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Glass box brands: DBS leading the way
THE founder of Uber resigns after a culture of sexism and bullying is exposed. A smartphone video of United Airlines employees forcibly dragging a passenger off a plane goes viral.
Just a handful of unrelated business stories?
These apparently unconnected stories are examples of a single, massive shift in business and consumerism, one that's gathering speed by the day. It's a shift in the very nature of what it means to be a brand. It presents a deep challenge, but also a massive opportunity. And one that no marketer, strategist, founder or CEO can afford to ignore. The most effective way to think about it? Let's talk about glass boxes.
A BUSINESS USED TO BE A BLACK BOX. NOW IT'S A GLASS BOX
When a business was a black box, for outsiders, it was pretty hard to see what was going on inside. The brand was whatever you painted on the outside of the box. In 2018, a business is a glass box. Outsiders can easily see inside. They can see the people, the processes, and the values. They can even see what the people inside the box feel about what they're doing.
But why is that such a powerful shift in what it means to be a brand? A brand encompasses the emotional and associational touchpoints that consumers have with your business. It's what they see of you, and what that makes them feel about you. Now that a business is a glass box, the brand is everything that's visible. Every person. Every process. Every value. Once, your internal culture was just that: internal. Now, there's no such thing as an "internal" culture. Whatever happens inside your business, the world can see. And once people see it, they will feel something about it.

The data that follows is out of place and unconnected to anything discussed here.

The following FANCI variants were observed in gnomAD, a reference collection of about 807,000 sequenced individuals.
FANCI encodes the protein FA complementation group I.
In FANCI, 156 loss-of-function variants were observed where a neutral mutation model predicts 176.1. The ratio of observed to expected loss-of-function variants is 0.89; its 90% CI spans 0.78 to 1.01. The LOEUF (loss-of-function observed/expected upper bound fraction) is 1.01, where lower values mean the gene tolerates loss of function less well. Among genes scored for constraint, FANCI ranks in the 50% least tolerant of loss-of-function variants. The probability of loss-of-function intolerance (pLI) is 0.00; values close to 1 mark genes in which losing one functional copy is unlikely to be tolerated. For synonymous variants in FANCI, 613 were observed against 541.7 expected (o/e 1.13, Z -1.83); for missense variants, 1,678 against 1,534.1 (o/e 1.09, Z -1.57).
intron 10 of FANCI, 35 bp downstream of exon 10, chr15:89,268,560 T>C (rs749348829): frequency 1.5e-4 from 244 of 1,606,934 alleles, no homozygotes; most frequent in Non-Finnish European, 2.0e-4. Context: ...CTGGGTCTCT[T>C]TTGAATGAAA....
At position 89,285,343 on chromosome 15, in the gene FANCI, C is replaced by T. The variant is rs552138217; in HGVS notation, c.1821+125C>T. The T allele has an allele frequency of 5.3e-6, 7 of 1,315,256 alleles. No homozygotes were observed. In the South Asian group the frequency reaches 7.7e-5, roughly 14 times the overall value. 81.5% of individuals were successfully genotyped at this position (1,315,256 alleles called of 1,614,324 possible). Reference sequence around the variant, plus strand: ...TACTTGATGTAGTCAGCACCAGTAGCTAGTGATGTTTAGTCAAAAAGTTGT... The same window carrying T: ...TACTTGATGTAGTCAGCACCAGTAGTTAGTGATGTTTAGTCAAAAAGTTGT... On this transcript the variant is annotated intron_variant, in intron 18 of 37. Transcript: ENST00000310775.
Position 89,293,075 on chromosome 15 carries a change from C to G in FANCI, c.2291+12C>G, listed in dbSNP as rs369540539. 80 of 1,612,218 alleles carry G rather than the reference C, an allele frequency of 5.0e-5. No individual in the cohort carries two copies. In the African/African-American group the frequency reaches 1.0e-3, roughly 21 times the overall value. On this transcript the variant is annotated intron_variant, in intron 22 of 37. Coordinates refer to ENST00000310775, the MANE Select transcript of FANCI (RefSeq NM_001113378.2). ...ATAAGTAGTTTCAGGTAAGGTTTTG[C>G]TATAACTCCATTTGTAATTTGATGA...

Now, your internal culture could become the most powerful brand and marketing asset you have or your most powerful brand liability.
Connectivity and the intensifying search for a more meaningful consumerism are a few drivers of this trend. Employees now share their (working) lives online. The culture of sexism at Uber was split open when an employee blog post went viral.
Ever-more of day-to-day life is being captured in real-time video or livestreamed. Consumers now expect as standard to know pretty much everything about the brands they engage with. In a survey of over 10,000 consumers from around the world, 78 per cent of consumers said it is "somewhat or very important for a company to be transparent". And 70 per cent said that "these days I make it a point to know more about the companies I buy from". It wouldn't matter that consumers can look right inside your business if they didn't care about what they saw. But in rising numbers, and with rising intensity, they do.
Millions around the world are searching for a more ethical, sustainable, meaningful consumerism. Another study found that 70 per cent of millennials are willing to spend more with brands that support causes they care about.